The Montessori Theory of Education


With the vast array of today’s schools offering a specialised education, how do parents choose which model of education is the most suitable for your child? Typically, it is either the one they had or the one they wished they had. This first instalment of our series looks at one of the most popular pedagogic approaches from a pre-primary level. Developed by the Italian pedagogue Maria Montessori and her son, Mario, from the early- to mid-20th Century, Montessori education has similarities to developmental psychology, the branch of psychology aimed at expanding and researching how humans transform throughout their lives. However, it is based primarily on constructivism, the idea that humans develop both understanding and significance by correlating their daily experiences with their individual thoughts; in simpler terms, relating theory to practice. The method rests on two fundamental tenants: relating children and adolescents with their surroundings, thereby developing their psychological self-construction, and exploiting the knowledge that children have an intuitive, a priori path of psychological growth.

What is the Montessori theory of education?

As a form of experiential learning, the Montessori approach implements several features fundamental to each phase of human development and the manner in which the articulation of these human tendencies is assisted by tailoring education. The features are abstraction, activity, communication, exactness, exploration, environmental manipulation, order, orientation, repetition, self-perfection, and purposeful activity (or work). Special emphasis on the surroundings enables children to become autonomous in relation to their individual psychological development. Such an environment includes: an arrangement aiding activity and movement; a clean environment that also promotes beauty and harmony; building surroundings that are consistent with the child’s needs; restricted use of special Montessori materials that only assist the child’s development (nothing superfluous); establishing an order; and the inclusion of nature both in- and outside the classroom.

Central to the Montessori approach is the realisation of four unique human development phases: the first begins from birth to the age of six, the second from the age of six to twelve, the third from 12 to 18, and the fourth from 18 to 24. Each of these phases contain dissimilar attributes, styles of learning, and necessities and, thus, require a dissimilar pedagogic approach to each phase. The most crucial, of course, is the first phase, where a child undergoes stark physio-psychological growth. The child uses his, or her, senses to explore and learn about the immediate surroundings, which helps in constructing identity, the concept of self, and the ability to function independently. The following three concepts further elucidate this.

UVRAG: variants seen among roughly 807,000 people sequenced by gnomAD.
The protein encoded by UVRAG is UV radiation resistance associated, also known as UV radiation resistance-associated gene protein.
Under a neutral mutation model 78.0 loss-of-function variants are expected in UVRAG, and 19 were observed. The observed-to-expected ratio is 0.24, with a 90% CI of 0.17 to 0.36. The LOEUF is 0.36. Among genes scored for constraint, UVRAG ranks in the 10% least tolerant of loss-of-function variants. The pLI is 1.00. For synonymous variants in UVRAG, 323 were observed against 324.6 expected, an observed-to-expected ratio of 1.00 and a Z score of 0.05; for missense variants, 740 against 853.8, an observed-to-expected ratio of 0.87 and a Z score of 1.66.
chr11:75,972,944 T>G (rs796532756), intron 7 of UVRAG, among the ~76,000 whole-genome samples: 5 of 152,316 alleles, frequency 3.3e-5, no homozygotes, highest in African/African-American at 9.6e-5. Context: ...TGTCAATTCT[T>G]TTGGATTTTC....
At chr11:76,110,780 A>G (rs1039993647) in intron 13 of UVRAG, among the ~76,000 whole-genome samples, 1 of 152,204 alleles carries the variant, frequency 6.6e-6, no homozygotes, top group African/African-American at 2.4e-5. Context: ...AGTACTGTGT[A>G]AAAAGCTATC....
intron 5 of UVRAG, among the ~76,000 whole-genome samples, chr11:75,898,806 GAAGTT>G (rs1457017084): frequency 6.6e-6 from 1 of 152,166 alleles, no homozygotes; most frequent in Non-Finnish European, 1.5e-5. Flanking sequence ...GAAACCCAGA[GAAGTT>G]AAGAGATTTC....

The Absorbent Mind, Sensitive Periods, and Normalisation

In the first phase, a young child’s ability to incorporate their environment’s sensory influence seamlessly, such as culture, language, and other stimuli, is unique to this phase and subsequently weakens. Furthermore, there are distinct stages in which the child is receptive towards a certain stimulus over another.

Maria Montessori termed these as “sensitive periods” and her pedagogic approach advises changes within the classroom environment, making available certain feasible activities and materials, to react to these periods, which are illustrated by the following diagram.

Montessori-DiagramFrom the age of three to six, “normalisation” develops due to child’s ability to focus engage in tasks for an extended period and display empathy for others, which supplies the developmental requirements of the child.

Educational Practices in Preschools

At the “primary” level, a characteristic Montessori classroom has 20 to 30 children between the ages of 2½ to 6 under a trained teacher and an assistant and contains either isolated or small clusters of child-sized chairs and tables. Shelves of child-height contain class materials, enabling the child to pick and perform a task he or she desires after the teacher presents the options in the beginning. Typically, the materials spur the physical skills of the child, with activities such as pouring and spooning, and develop materials for art, language, math, music, and sensory development, among others.

With this brief description of the Montessori pedagogic approach, parents can make significantly more informed decisions regarding the education of their child. This form of experiential learning has found worldwide renown, with the children becoming curious and naturally adapting to formal primary schooling.


  • Grazzini, Camillo (Jan–Feb 1988). “The Four Planes of Development: A Constructive Rhythm of Life”. Montessori Today 1(1): 7–8.
  • Montessori, Maria (1967). The Absorbent Mind. New York: Delta.
  • Montessori, Maria (1994). From Childhood to Adolescence. Oxford, England: ABC-Clio. pp. 7–16
  • Montessori, Mario (1966). The Human Tendencies and Montessori Education. Amsterdam: Association Montessori Internationale.


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